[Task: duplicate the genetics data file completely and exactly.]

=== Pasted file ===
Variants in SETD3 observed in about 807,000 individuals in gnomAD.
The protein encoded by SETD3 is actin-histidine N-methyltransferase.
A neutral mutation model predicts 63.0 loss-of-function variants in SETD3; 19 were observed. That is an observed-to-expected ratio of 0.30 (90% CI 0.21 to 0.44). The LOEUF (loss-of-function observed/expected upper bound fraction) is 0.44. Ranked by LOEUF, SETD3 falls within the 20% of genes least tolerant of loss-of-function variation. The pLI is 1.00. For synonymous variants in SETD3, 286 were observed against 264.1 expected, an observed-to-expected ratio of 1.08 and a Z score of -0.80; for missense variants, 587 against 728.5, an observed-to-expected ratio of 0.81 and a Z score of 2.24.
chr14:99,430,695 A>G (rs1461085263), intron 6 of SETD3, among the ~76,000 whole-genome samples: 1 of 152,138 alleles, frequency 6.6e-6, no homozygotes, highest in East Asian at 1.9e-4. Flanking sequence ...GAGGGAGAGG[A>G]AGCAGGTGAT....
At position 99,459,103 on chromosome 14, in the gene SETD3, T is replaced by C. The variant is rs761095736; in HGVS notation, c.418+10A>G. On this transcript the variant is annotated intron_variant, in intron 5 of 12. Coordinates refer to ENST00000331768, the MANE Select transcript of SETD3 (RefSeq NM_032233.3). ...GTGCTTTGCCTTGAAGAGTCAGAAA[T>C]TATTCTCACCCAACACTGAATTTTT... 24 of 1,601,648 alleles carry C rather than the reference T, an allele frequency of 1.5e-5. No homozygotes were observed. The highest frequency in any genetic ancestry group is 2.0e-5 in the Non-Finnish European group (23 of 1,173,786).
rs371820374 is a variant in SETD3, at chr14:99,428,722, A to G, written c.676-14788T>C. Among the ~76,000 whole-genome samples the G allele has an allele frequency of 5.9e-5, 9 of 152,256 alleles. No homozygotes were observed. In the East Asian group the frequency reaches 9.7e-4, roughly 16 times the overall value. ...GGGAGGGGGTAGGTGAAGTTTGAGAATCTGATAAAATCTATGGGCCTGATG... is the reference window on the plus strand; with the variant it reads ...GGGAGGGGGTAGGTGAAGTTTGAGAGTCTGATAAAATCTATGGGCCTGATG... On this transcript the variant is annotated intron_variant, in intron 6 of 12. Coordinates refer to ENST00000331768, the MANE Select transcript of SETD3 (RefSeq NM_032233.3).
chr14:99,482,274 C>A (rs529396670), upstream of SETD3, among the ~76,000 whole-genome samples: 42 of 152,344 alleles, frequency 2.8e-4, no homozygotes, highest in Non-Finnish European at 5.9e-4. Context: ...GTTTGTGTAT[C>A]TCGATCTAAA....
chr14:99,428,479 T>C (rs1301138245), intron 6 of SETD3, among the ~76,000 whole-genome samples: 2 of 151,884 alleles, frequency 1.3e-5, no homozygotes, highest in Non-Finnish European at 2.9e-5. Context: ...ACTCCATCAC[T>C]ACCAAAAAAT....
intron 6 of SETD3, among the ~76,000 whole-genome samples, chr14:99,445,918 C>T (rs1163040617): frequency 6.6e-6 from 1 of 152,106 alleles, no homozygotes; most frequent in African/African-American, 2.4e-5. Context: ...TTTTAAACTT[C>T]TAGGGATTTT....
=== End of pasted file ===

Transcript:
Variants in SETD3 observed in about 807,000 individuals in gnomAD.
The protein encoded by SETD3 is actin-histidine N-methyltransferase.
A neutral mutation model predicts 63.0 loss-of-function variants in SETD3; 19 were observed. That is an observed-to-expected ratio of 0.30 (90% CI 0.21 to 0.44). The LOEUF (loss-of-function observed/expected upper bound fraction) is 0.44. Ranked by LOEUF, SETD3 falls within the 20% of genes least tolerant of loss-of-function variation. The pLI is 1.00. For synonymous variants in SETD3, 286 were observed against 264.1 expected, an observed-to-expected ratio of 1.08 and a Z score of -0.80; for missense variants, 587 against 728.5, an observed-to-expected ratio of 0.81 and a Z score of 2.24.
chr14:99,430,695 A>G (rs1461085263), intron 6 of SETD3, among the ~76,000 whole-genome samples: 1 of 152,138 alleles, frequency 6.6e-6, no homozygotes, highest in East Asian at 1.9e-4. Flanking sequence ...GAGGGAGAGG[A>G]AGCAGGTGAT....
At position 99,459,103 on chromosome 14, in the gene SETD3, T is replaced by C. The variant is rs761095736; in HGVS notation, c.418+10A>G. On this transcript the variant is annotated intron_variant, in intron 5 of 12. Coordinates refer to ENST00000331768, the MANE Select transcript of SETD3 (RefSeq NM_032233.3). ...GTGCTTTGCCTTGAAGAGTCAGAAA[T>C]TATTCTCACCCAACACTGAATTTTT... 24 of 1,601,648 alleles carry C rather than the reference T, an allele frequency of 1.5e-5. No homozygotes were observed. The highest frequency in any genetic ancestry group is 2.0e-5 in the Non-Finnish European group (23 of 1,173,786).
rs371820374 is a variant in SETD3, at chr14:99,428,722, A to G, written c.676-14788T>C. Among the ~76,000 whole-genome samples the G allele has an allele frequency of 5.9e-5, 9 of 152,256 alleles. No homozygotes were observed. In the East Asian group the frequency reaches 9.7e-4, roughly 16 times the overall value. ...GGGAGGGGGTAGGTGAAGTTTGAGAATCTGATAAAATCTATGGGCCTGATG... is the reference window on the plus strand; with the variant it reads ...GGGAGGGGGTAGGTGAAGTTTGAGAGTCTGATAAAATCTATGGGCCTGATG... On this transcript the variant is annotated intron_variant, in intron 6 of 12. Coordinates refer to ENST00000331768, the MANE Select transcript of SETD3 (RefSeq NM_032233.3).
chr14:99,482,274 C>A (rs529396670), upstream of SETD3, among the ~76,000 whole-genome samples: 42 of 152,344 alleles, frequency 2.8e-4, no homozygotes, highest in Non-Finnish European at 5.9e-4. Context: ...GTTTGTGTAT[C>A]TCGATCTAAA....
chr14:99,428,479 T>C (rs1301138245), intron 6 of SETD3, among the ~76,000 whole-genome samples: 2 of 151,884 alleles, frequency 1.3e-5, no homozygotes, highest in Non-Finnish European at 2.9e-5. Context: ...ACTCCATCAC[T>C]ACCAAAAAAT....
intron 6 of SETD3, among the ~76,000 whole-genome samples, chr14:99,445,918 C>T (rs1163040617): frequency 6.6e-6 from 1 of 152,106 alleles, no homozygotes; most frequent in African/African-American, 2.4e-5. Context: ...TTTTAAACTT[C>T]TAGGGATTTT....